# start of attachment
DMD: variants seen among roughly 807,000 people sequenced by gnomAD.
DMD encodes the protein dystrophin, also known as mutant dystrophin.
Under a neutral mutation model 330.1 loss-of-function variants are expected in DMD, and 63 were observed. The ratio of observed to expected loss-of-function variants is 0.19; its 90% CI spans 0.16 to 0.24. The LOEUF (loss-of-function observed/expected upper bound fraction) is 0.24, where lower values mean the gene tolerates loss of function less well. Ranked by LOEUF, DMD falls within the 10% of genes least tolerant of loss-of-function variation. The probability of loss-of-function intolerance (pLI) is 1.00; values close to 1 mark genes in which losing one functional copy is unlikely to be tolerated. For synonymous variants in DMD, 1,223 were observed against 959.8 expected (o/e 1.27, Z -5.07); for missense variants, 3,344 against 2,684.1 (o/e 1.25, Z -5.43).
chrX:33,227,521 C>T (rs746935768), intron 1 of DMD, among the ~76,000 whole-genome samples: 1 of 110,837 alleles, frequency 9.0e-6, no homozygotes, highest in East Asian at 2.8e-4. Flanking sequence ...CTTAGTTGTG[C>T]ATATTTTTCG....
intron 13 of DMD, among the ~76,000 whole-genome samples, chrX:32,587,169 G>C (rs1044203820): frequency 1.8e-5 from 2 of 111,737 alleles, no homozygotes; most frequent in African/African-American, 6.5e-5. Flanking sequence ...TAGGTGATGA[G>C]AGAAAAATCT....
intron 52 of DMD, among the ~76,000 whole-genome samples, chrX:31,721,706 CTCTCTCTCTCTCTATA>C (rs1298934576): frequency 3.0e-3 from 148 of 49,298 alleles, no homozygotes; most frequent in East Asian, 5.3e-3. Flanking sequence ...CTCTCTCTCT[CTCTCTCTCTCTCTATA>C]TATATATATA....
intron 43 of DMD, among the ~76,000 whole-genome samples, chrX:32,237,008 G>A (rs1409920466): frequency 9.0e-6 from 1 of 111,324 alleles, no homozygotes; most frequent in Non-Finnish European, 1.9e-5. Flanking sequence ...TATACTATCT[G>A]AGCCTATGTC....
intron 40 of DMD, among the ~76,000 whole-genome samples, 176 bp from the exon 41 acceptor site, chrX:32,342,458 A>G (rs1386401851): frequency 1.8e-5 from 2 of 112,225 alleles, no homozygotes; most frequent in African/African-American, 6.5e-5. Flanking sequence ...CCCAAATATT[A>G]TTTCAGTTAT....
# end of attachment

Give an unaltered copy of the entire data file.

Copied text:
DMD: variants seen among roughly 807,000 people sequenced by gnomAD.
DMD encodes the protein dystrophin, also known as mutant dystrophin.
Under a neutral mutation model 330.1 loss-of-function variants are expected in DMD, and 63 were observed. The ratio of observed to expected loss-of-function variants is 0.19; its 90% CI spans 0.16 to 0.24. The LOEUF (loss-of-function observed/expected upper bound fraction) is 0.24, where lower values mean the gene tolerates loss of function less well. Ranked by LOEUF, DMD falls within the 10% of genes least tolerant of loss-of-function variation. The probability of loss-of-function intolerance (pLI) is 1.00; values close to 1 mark genes in which losing one functional copy is unlikely to be tolerated. For synonymous variants in DMD, 1,223 were observed against 959.8 expected (o/e 1.27, Z -5.07); for missense variants, 3,344 against 2,684.1 (o/e 1.25, Z -5.43).
chrX:33,227,521 C>T (rs746935768), intron 1 of DMD, among the ~76,000 whole-genome samples: 1 of 110,837 alleles, frequency 9.0e-6, no homozygotes, highest in East Asian at 2.8e-4. Flanking sequence ...CTTAGTTGTG[C>T]ATATTTTTCG....
intron 13 of DMD, among the ~76,000 whole-genome samples, chrX:32,587,169 G>C (rs1044203820): frequency 1.8e-5 from 2 of 111,737 alleles, no homozygotes; most frequent in African/African-American, 6.5e-5. Flanking sequence ...TAGGTGATGA[G>C]AGAAAAATCT....
intron 52 of DMD, among the ~76,000 whole-genome samples, chrX:31,721,706 CTCTCTCTCTCTCTATA>C (rs1298934576): frequency 3.0e-3 from 148 of 49,298 alleles, no homozygotes; most frequent in East Asian, 5.3e-3. Flanking sequence ...CTCTCTCTCT[CTCTCTCTCTCTCTATA>C]TATATATATA....
intron 43 of DMD, among the ~76,000 whole-genome samples, chrX:32,237,008 G>A (rs1409920466): frequency 9.0e-6 from 1 of 111,324 alleles, no homozygotes; most frequent in Non-Finnish European, 1.9e-5. Flanking sequence ...TATACTATCT[G>A]AGCCTATGTC....
intron 40 of DMD, among the ~76,000 whole-genome samples, 176 bp from the exon 41 acceptor site, chrX:32,342,458 A>G (rs1386401851): frequency 1.8e-5 from 2 of 112,225 alleles, no homozygotes; most frequent in African/African-American, 6.5e-5. Flanking sequence ...CCCAAATATT[A>G]TTTCAGTTAT....